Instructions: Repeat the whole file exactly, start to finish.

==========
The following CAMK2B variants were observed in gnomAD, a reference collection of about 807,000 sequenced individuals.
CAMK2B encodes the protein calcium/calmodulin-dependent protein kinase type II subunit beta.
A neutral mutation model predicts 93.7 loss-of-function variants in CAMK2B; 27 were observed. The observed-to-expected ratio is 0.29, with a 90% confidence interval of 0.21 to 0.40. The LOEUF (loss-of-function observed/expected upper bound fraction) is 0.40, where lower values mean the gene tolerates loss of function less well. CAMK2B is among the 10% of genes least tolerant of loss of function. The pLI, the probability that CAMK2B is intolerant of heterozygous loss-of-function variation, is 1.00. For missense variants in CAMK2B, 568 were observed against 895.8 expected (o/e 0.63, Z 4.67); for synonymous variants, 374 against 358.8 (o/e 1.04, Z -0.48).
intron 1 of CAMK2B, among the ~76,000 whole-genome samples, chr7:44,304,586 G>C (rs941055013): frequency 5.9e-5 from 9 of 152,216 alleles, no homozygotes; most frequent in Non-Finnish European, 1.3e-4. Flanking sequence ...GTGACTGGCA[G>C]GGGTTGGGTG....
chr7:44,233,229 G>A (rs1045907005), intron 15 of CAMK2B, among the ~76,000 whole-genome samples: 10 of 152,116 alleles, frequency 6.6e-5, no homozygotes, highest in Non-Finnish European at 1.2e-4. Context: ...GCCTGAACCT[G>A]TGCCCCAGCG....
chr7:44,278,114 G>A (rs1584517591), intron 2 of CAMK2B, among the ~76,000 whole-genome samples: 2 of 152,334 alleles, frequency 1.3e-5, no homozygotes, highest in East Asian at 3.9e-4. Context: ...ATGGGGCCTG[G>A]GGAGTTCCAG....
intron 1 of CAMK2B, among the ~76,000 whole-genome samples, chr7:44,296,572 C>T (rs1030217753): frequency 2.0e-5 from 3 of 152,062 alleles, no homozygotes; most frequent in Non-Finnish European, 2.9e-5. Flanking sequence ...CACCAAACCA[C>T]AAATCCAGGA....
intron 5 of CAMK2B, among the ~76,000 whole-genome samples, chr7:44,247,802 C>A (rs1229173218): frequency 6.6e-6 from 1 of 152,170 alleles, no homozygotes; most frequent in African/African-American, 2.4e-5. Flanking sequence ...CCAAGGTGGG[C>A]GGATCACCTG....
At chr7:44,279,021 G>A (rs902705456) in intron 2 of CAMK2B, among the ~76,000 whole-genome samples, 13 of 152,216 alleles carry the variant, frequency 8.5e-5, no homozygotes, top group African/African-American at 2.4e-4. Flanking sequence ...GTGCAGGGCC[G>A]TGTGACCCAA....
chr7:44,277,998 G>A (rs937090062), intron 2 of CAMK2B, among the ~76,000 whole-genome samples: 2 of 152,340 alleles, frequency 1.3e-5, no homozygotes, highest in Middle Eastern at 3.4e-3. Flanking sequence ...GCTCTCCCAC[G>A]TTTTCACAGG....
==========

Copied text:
The following CAMK2B variants were observed in gnomAD, a reference collection of about 807,000 sequenced individuals.
CAMK2B encodes the protein calcium/calmodulin-dependent protein kinase type II subunit beta.
A neutral mutation model predicts 93.7 loss-of-function variants in CAMK2B; 27 were observed. The observed-to-expected ratio is 0.29, with a 90% confidence interval of 0.21 to 0.40. The LOEUF (loss-of-function observed/expected upper bound fraction) is 0.40, where lower values mean the gene tolerates loss of function less well. CAMK2B is among the 10% of genes least tolerant of loss of function. The pLI, the probability that CAMK2B is intolerant of heterozygous loss-of-function variation, is 1.00. For missense variants in CAMK2B, 568 were observed against 895.8 expected (o/e 0.63, Z 4.67); for synonymous variants, 374 against 358.8 (o/e 1.04, Z -0.48).
intron 1 of CAMK2B, among the ~76,000 whole-genome samples, chr7:44,304,586 G>C (rs941055013): frequency 5.9e-5 from 9 of 152,216 alleles, no homozygotes; most frequent in Non-Finnish European, 1.3e-4. Flanking sequence ...GTGACTGGCA[G>C]GGGTTGGGTG....
chr7:44,233,229 G>A (rs1045907005), intron 15 of CAMK2B, among the ~76,000 whole-genome samples: 10 of 152,116 alleles, frequency 6.6e-5, no homozygotes, highest in Non-Finnish European at 1.2e-4. Context: ...GCCTGAACCT[G>A]TGCCCCAGCG....
chr7:44,278,114 G>A (rs1584517591), intron 2 of CAMK2B, among the ~76,000 whole-genome samples: 2 of 152,334 alleles, frequency 1.3e-5, no homozygotes, highest in East Asian at 3.9e-4. Context: ...ATGGGGCCTG[G>A]GGAGTTCCAG....
intron 1 of CAMK2B, among the ~76,000 whole-genome samples, chr7:44,296,572 C>T (rs1030217753): frequency 2.0e-5 from 3 of 152,062 alleles, no homozygotes; most frequent in Non-Finnish European, 2.9e-5. Flanking sequence ...CACCAAACCA[C>T]AAATCCAGGA....
intron 5 of CAMK2B, among the ~76,000 whole-genome samples, chr7:44,247,802 C>A (rs1229173218): frequency 6.6e-6 from 1 of 152,170 alleles, no homozygotes; most frequent in African/African-American, 2.4e-5. Flanking sequence ...CCAAGGTGGG[C>A]GGATCACCTG....
At chr7:44,279,021 G>A (rs902705456) in intron 2 of CAMK2B, among the ~76,000 whole-genome samples, 13 of 152,216 alleles carry the variant, frequency 8.5e-5, no homozygotes, top group African/African-American at 2.4e-4. Flanking sequence ...GTGCAGGGCC[G>A]TGTGACCCAA....
chr7:44,277,998 G>A (rs937090062), intron 2 of CAMK2B, among the ~76,000 whole-genome samples: 2 of 152,340 alleles, frequency 1.3e-5, no homozygotes, highest in Middle Eastern at 3.4e-3. Flanking sequence ...GCTCTCCCAC[G>A]TTTTCACAGG....